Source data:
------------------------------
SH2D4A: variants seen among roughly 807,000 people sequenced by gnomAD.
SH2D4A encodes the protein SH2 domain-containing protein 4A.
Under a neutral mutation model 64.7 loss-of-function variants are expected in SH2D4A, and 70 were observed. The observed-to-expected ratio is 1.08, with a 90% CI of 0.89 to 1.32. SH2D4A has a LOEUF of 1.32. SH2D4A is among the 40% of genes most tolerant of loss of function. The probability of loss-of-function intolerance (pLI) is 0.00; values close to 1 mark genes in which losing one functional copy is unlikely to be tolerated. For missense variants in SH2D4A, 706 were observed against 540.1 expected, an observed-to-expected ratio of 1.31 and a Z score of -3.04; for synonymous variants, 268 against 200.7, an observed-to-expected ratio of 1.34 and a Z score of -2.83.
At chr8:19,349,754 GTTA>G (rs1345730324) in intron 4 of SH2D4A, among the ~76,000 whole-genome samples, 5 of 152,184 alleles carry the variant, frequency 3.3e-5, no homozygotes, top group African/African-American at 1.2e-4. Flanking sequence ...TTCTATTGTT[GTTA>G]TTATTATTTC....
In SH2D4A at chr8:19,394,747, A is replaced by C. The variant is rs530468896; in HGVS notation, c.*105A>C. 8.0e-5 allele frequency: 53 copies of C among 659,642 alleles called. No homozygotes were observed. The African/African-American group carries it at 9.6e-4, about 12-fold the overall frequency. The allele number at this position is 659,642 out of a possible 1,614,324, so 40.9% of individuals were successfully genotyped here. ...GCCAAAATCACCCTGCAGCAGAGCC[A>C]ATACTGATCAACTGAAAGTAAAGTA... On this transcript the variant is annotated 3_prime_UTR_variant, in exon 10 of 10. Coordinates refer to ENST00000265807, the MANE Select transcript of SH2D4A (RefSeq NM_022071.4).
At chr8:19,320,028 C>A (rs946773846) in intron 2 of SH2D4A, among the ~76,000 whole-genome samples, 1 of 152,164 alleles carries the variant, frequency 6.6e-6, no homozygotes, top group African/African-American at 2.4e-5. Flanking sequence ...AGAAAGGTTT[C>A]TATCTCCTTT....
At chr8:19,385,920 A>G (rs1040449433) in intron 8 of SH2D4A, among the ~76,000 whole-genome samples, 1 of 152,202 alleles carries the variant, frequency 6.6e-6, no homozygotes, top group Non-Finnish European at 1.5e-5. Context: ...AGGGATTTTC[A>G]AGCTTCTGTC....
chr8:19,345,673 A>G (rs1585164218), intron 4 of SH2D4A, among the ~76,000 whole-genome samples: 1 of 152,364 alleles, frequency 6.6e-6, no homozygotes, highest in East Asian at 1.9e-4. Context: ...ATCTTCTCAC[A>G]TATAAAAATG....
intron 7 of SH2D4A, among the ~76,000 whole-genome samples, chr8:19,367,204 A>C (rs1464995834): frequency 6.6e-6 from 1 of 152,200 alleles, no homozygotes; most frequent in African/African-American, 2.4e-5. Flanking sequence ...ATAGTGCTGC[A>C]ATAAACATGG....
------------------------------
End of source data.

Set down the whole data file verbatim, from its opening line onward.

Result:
SH2D4A: variants seen among roughly 807,000 people sequenced by gnomAD.
SH2D4A encodes the protein SH2 domain-containing protein 4A.
Under a neutral mutation model 64.7 loss-of-function variants are expected in SH2D4A, and 70 were observed. The observed-to-expected ratio is 1.08, with a 90% CI of 0.89 to 1.32. SH2D4A has a LOEUF of 1.32. SH2D4A is among the 40% of genes most tolerant of loss of function. The probability of loss-of-function intolerance (pLI) is 0.00; values close to 1 mark genes in which losing one functional copy is unlikely to be tolerated. For missense variants in SH2D4A, 706 were observed against 540.1 expected, an observed-to-expected ratio of 1.31 and a Z score of -3.04; for synonymous variants, 268 against 200.7, an observed-to-expected ratio of 1.34 and a Z score of -2.83.
At chr8:19,349,754 GTTA>G (rs1345730324) in intron 4 of SH2D4A, among the ~76,000 whole-genome samples, 5 of 152,184 alleles carry the variant, frequency 3.3e-5, no homozygotes, top group African/African-American at 1.2e-4. Flanking sequence ...TTCTATTGTT[GTTA>G]TTATTATTTC....
In SH2D4A at chr8:19,394,747, A is replaced by C. The variant is rs530468896; in HGVS notation, c.*105A>C. 8.0e-5 allele frequency: 53 copies of C among 659,642 alleles called. No homozygotes were observed. The African/African-American group carries it at 9.6e-4, about 12-fold the overall frequency. The allele number at this position is 659,642 out of a possible 1,614,324, so 40.9% of individuals were successfully genotyped here. ...GCCAAAATCACCCTGCAGCAGAGCC[A>C]ATACTGATCAACTGAAAGTAAAGTA... On this transcript the variant is annotated 3_prime_UTR_variant, in exon 10 of 10. Coordinates refer to ENST00000265807, the MANE Select transcript of SH2D4A (RefSeq NM_022071.4).
At chr8:19,320,028 C>A (rs946773846) in intron 2 of SH2D4A, among the ~76,000 whole-genome samples, 1 of 152,164 alleles carries the variant, frequency 6.6e-6, no homozygotes, top group African/African-American at 2.4e-5. Flanking sequence ...AGAAAGGTTT[C>A]TATCTCCTTT....
At chr8:19,385,920 A>G (rs1040449433) in intron 8 of SH2D4A, among the ~76,000 whole-genome samples, 1 of 152,202 alleles carries the variant, frequency 6.6e-6, no homozygotes, top group Non-Finnish European at 1.5e-5. Context: ...AGGGATTTTC[A>G]AGCTTCTGTC....
chr8:19,345,673 A>G (rs1585164218), intron 4 of SH2D4A, among the ~76,000 whole-genome samples: 1 of 152,364 alleles, frequency 6.6e-6, no homozygotes, highest in East Asian at 1.9e-4. Context: ...ATCTTCTCAC[A>G]TATAAAAATG....
intron 7 of SH2D4A, among the ~76,000 whole-genome samples, chr8:19,367,204 A>C (rs1464995834): frequency 6.6e-6 from 1 of 152,200 alleles, no homozygotes; most frequent in African/African-American, 2.4e-5. Flanking sequence ...ATAGTGCTGC[A>C]ATAAACATGG....